Notre Dame, the Cathedral of

Notre Dame, the Cathedral of


the Early Gothic French cathedral that has served as a model for many churches in France and other countries. The cathedral is situated on the Ile de la Cité in Paris. It is a five-aisled basilica (130 m long, 108 m wide, with a high vault 35 m to the crown) having a shallow transept and two 69-m-high towers on the western facade. Romanesque elements include the horizontal division of the facades, the rough wall surfaces, and the simplicity of ornamentation. The building is characterized by a Gothic treatment of space and by such Gothic features as the lancet arch and the flying buttress.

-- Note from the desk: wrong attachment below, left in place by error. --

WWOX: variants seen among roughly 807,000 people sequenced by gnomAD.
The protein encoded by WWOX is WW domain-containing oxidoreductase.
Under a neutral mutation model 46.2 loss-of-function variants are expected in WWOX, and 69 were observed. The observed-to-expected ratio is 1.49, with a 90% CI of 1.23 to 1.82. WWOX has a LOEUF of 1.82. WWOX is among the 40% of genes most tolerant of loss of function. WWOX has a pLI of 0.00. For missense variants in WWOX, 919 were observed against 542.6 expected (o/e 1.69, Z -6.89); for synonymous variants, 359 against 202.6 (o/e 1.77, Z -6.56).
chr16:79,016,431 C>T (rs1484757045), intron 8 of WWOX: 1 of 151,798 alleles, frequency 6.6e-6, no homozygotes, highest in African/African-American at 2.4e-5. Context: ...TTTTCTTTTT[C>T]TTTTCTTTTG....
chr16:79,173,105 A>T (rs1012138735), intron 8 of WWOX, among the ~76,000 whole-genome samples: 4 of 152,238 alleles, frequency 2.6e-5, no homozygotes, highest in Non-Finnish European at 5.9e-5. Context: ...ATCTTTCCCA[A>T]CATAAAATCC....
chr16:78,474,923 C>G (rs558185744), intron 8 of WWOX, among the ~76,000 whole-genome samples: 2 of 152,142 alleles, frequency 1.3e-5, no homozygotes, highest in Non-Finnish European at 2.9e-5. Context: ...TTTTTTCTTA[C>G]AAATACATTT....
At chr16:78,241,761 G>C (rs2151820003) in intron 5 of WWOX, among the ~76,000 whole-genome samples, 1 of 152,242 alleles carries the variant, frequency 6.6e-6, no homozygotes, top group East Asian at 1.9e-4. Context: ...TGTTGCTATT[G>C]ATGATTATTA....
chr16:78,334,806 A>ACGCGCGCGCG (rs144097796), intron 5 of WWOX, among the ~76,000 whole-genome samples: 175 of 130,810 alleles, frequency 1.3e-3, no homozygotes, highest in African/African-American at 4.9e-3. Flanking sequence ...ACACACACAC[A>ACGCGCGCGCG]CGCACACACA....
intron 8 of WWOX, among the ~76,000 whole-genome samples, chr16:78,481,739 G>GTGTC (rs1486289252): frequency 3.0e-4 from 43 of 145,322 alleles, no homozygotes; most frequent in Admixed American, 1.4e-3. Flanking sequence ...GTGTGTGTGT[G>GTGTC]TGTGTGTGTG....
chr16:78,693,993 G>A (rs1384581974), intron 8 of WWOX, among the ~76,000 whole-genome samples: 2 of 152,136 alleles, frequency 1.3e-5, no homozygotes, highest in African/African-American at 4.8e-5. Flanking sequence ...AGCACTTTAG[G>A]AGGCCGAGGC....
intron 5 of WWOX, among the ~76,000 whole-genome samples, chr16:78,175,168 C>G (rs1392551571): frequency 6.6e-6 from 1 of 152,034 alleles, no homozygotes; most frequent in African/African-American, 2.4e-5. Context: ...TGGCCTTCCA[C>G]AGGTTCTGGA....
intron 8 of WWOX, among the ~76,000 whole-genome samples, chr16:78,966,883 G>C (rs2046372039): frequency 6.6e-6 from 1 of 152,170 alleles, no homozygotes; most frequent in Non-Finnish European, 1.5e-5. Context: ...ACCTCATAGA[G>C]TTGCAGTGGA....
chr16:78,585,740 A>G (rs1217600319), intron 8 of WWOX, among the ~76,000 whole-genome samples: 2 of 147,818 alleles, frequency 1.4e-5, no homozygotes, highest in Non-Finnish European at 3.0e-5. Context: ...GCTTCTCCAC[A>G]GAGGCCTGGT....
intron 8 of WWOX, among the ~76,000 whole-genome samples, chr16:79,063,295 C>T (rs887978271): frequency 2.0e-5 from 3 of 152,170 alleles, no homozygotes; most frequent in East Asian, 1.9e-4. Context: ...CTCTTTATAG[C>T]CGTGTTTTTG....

Construction of the cathedral was begun in 1163 and essentially finished in 1257. The choir was completed circa 1177, the transept and nave by 1196, and the western facade circa 1200–50. The sculptural work was finished by 1250. In the late 13th century the architects Jean de Chelles and Pierre de Montereau lengthened the transept. Fragments of the stained glass windows have been preserved. The 13th-century rose windows on the western, southern, and northern facades have retained their original glass. Only some of the statuary of the facades (c. 1165–1225) and the choir (13th and 14th centuries) has been preserved.

The cathedral was restored in the 19th century. Restoration was begun in 1845 by J. B. Lassus and E. E. Viollet-le-Duc. The restoration work has preserved the unity of the original design.


Aubert, M. La Cathédrale Notre Dame de Paris. Paris, 1950.
Gabelin, F. Notre-Dame de Paris. Paris, 1951